(RxWiki News) Are you having problems getting around due to your multiple sclerosis (MS)? Many people living with MS report mobility as a common problem. Increasing mobility in people living with MS first requires pinpointing the reasons behind it.
A recent study examined how instances of fatigue, pain and depression affect the outcome of the six minute walk (6MW) test in people with MS.
The study found that 6MW performance was associated with fatigue but not symptoms of depression or pain.
"Discuss any mobility problems with your doctor."
Lead author, R. W. Motl, PhD, of the Department of Kinesiology and Community Health at the University of Illinois and team observed 33 MS patients and 33 healthy controls matched on age, sex, height and weight in a research laboratory setting.
The participants completed several questionnaires including the Fatigue Severity Scale (FSS), Short-Form of the McGill Pain Questionnaire (SF-MPQ), Patient Determined Disease Steps (PDDS) and Hospital Anxiety and Depression Scale (HADS-D) prior to completing a 6MW test.
The FSS is a nine item questionnaire used to measure fatigue severity on a seven point scale over the previous four weeks.
The SF-MPQ is a 15 item checklist that measures types of pain on a four point scale over the previous four weeks.
The HADS-D is a 14 item scale that measures anxiety and depression on a four point scale over the previous four weeks. The anxiety portion of the scale was not included in this study.
The PDDS contains a single item self-reporting scale ranging from zero to eight that measures neurological impairment.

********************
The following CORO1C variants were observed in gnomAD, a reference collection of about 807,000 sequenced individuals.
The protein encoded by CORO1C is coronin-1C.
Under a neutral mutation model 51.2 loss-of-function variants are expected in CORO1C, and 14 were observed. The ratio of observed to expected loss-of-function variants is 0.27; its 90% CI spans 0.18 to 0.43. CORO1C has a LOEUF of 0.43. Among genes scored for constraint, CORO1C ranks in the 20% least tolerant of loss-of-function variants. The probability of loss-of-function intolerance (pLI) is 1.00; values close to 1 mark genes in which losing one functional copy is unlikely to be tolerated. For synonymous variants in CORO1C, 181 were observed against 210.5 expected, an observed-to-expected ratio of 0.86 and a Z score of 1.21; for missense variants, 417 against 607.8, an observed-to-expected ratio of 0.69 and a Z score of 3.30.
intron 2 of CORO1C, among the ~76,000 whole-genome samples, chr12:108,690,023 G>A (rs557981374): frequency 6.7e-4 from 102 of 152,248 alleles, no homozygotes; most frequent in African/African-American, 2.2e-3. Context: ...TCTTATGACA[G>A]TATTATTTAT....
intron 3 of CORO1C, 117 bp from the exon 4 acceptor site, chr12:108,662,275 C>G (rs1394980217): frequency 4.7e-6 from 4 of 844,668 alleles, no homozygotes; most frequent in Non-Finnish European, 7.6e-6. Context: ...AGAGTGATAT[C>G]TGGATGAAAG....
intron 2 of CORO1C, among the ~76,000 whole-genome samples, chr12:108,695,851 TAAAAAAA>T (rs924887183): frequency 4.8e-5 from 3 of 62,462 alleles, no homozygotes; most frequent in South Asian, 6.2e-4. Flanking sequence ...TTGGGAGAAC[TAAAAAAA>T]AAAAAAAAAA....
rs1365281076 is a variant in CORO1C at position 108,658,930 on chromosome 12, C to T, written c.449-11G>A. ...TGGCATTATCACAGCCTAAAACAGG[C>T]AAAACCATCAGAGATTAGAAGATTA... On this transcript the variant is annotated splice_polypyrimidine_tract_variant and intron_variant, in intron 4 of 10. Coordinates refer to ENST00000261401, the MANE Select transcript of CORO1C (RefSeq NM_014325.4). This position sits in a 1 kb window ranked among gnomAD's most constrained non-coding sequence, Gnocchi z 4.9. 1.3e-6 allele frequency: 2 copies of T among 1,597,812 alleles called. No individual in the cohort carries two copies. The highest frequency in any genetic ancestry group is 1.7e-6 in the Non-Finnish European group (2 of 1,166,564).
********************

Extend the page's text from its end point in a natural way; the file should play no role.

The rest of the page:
The 6MW test requires participants to walk as fast and far as possible for six minutes down a hard, flat surface while a researcher measures the distance traveled. Participants in this study were allowed to use a cane or other assisting device if necessary.
The 6MW test is a good tool for assessing MS because symptoms such as fatigue, pain and depression can affect the mechanics of movement. The test is long enough for a patient to reach aerobic metabolism and the distance covered is appropriate for assessing mobility difficulties.
The study found that pain and depression did not significantly affect the 6MW score but that fatigue did in both the control and MS groups with the MS group having low ankle power generation, or propulsion off the ground when they stepped, and slow speeds.
This is particularly significant as a recent large-scale survey shows that 73 percent of MS patients report fatigue as a symptom that affects their mobility.
These finding show the importance of managing fatigue in patients with MS. While pharmaceutical approaches to managing fatigue exist, non-pharmaceutical approaches such as energy conservation, recharge efforts, enhancing resistance to fatigue and temperature control can be implemented into the patient’s routine.
Possible limitations to the study include a relatively small sample size and a relatively narrow participant group consisting of mostly Caucasians, women and mild cases of MS.
This study conflicts with previous studies that show pain and depression does cause elicit slow speeds in walking tests. This could be because the setup and participants in previous studies varied from this study.
The study was published in the July edition of the European Journal of Physical and Rehabilitation Medicine.
The research was supported by the University of Illinois at Urbana-Champaign Research Board.
The authors report no conflicts of interest.